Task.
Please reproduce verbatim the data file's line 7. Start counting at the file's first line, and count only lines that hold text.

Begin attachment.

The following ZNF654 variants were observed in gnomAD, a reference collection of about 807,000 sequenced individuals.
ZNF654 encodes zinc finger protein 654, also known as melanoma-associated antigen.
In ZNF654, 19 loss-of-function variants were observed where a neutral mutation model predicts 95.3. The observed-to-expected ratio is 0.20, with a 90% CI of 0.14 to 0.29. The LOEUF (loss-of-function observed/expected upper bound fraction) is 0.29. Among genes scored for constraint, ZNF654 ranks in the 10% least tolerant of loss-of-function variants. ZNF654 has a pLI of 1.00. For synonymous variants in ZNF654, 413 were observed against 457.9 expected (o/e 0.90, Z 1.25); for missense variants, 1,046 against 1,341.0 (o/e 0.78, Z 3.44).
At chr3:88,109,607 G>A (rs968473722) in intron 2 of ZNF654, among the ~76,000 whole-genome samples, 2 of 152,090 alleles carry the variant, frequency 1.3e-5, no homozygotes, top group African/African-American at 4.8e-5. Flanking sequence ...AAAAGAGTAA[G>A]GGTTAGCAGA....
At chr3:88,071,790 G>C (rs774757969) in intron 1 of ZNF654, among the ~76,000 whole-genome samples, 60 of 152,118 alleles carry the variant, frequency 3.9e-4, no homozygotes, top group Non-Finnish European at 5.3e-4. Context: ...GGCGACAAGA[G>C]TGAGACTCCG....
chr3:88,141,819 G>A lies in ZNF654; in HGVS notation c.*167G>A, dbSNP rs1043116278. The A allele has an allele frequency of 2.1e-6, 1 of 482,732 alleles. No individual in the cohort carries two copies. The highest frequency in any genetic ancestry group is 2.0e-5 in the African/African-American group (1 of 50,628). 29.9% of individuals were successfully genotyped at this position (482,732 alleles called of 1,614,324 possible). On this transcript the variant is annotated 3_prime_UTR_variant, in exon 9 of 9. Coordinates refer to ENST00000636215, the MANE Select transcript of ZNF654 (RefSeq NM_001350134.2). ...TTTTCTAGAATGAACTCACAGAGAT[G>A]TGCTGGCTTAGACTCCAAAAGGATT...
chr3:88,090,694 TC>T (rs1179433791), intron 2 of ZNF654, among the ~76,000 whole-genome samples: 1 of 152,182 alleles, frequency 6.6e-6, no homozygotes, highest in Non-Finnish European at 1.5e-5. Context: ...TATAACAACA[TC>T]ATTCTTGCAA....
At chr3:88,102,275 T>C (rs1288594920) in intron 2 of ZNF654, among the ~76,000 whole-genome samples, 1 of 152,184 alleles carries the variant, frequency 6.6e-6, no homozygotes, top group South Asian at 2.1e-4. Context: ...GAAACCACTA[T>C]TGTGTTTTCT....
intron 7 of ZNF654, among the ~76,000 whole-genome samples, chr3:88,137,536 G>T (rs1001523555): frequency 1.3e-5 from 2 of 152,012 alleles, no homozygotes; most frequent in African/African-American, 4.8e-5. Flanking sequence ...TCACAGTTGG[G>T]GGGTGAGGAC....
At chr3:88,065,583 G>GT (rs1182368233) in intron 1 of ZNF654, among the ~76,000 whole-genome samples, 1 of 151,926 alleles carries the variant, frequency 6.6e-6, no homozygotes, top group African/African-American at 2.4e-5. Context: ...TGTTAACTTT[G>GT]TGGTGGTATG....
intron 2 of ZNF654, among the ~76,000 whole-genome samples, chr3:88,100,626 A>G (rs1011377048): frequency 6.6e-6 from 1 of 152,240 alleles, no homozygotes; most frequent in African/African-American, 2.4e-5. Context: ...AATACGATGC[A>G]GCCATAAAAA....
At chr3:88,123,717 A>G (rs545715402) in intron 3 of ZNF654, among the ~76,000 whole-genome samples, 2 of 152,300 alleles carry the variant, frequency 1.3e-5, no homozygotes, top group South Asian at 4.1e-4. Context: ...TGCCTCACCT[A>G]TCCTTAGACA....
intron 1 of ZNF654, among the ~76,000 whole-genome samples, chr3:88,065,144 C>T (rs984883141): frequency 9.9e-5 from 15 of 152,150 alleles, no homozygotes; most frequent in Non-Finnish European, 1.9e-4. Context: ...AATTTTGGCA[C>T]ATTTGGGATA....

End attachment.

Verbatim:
chr3:88,090,694 TC>T (rs1179433791), intron 2 of ZNF654, among the ~76,000 whole-genome samples: 1 of 152,182 alleles, frequency 6.6e-6, no homozygotes, highest in Non-Finnish European at 1.5e-5. Context: ...TATAACAACA[TC>T]ATTCTTGCAA....